I’m actually less disappointed with the author of this NYT article than I am with Christians who give that author reason to believe this is the kind of simplistic thinking that predominates among the Christian community.

For the record, I’m not sure what I think about climate change.  I’ve reviewed the raw data from the NOAA sensors going back almost 100 years and the data is conflicted…it all depends on which parts of the data you compare to which other parts.  So I’m not sure if the planet is heating up or not and I’m not sure if humans are at least partially responsible.  I’m still trying to decide based on the scientific evidence.  But I do know that what most Christians think about climate change has nothing to do with the data and everything to do with who says its happening.  And that’s a terrible way to find the truth.



There’s no getting away from it, even if you wanted to…which you probably don’t, not really.

Technology pervades nearly every area of our lives.  It’s amazing stuff.  It’s awesome…but it’s also annoying sometimes, isn’t it?  It’s made a lot of great new things possible…but it’s also made a lot of great old things disappear.  So is it a blessing or a curse?


Your voice can be heard around the world! A video or a blog can instantly touch the lives of people in parts of the world that we’ll probably never set foot. Everyone’s voice can be heard around the world, so the world doesn’t know who to listen to anymore.  Everyone is an expert, so no one is an authority.
We can stay connected to people no matter where they are.  Skype, Facetime, Facebook chat…proximity no longer dictates communication. It inhibits face to face communication.  People are texting someone on the other side of the world rather than looking at someone on the other side of the table.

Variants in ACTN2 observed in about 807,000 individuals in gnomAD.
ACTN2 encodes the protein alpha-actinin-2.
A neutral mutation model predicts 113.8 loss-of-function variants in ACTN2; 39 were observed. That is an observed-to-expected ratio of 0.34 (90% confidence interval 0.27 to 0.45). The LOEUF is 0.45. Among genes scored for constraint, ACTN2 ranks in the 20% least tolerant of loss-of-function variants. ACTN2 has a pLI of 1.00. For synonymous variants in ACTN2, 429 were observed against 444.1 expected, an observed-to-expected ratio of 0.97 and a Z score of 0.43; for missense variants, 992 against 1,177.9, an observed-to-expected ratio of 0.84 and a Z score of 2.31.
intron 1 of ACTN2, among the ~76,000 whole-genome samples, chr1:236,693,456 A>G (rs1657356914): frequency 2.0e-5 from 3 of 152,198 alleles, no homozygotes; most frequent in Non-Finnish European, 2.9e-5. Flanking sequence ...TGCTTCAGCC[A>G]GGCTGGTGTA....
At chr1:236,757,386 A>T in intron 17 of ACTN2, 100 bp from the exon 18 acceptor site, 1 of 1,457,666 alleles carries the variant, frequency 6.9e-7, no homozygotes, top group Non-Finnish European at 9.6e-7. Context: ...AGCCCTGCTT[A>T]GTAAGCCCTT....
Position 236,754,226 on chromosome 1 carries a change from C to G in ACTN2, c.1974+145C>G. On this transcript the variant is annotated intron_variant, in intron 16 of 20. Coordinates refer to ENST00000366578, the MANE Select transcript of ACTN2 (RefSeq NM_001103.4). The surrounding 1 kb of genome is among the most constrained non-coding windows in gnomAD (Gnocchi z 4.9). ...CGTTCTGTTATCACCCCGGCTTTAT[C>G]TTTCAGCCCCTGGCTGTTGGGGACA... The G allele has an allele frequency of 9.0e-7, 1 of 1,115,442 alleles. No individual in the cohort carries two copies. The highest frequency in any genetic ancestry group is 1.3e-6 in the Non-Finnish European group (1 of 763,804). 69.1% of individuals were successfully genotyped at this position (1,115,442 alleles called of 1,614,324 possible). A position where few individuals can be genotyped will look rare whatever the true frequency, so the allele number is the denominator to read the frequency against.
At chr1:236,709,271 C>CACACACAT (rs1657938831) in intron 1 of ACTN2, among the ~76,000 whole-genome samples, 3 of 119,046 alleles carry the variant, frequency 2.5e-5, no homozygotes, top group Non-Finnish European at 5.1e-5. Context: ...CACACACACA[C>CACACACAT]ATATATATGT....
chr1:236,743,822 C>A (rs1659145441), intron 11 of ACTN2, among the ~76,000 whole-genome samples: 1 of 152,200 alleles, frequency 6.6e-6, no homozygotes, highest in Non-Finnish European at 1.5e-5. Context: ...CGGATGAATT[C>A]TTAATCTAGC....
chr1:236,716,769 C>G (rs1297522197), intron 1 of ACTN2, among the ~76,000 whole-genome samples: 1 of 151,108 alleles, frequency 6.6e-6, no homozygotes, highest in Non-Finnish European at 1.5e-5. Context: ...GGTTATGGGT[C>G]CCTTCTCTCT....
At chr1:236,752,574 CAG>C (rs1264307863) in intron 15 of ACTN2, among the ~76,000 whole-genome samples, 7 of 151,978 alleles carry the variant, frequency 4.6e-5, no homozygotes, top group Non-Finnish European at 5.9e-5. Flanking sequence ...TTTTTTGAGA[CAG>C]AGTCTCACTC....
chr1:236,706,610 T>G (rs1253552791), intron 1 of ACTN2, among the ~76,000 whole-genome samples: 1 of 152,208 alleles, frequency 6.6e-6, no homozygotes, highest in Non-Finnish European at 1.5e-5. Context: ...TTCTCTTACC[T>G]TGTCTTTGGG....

We can find support and community with other people who are interested in or struggling with the same things we are.  My little town doesn’t have many Tolkien fans, but there are hundreds of Tolkien fan groups on the internet. No one else in my town has leukemia, but there are all kinds of leukemia support groups I can connect with on the web. We’re cutting ourselves off from other perspectives that would challenge us and make us grow.    By being able to tune in to really narrow interests, we’re tuning out everything else.  We don’t have to deal with alternate views.  We just spend all our time reinforcing our own preferences.
We can find out anything we need to know!  We don’t know what to do with all the information.  Knowledge has replaced wisdom.
It makes us so much more productive!  We can research a topic, write a proposal, video-conference with co-workers and keep track of the stock market without ever leaving the house. We’re paralyzed by all the options and easily distracted by all the info-streams vying for our attention.  Wait, is that a puppy?  That’s too small to be a puppy, isn’t it?  I’m gonna Google the average size of a puppy…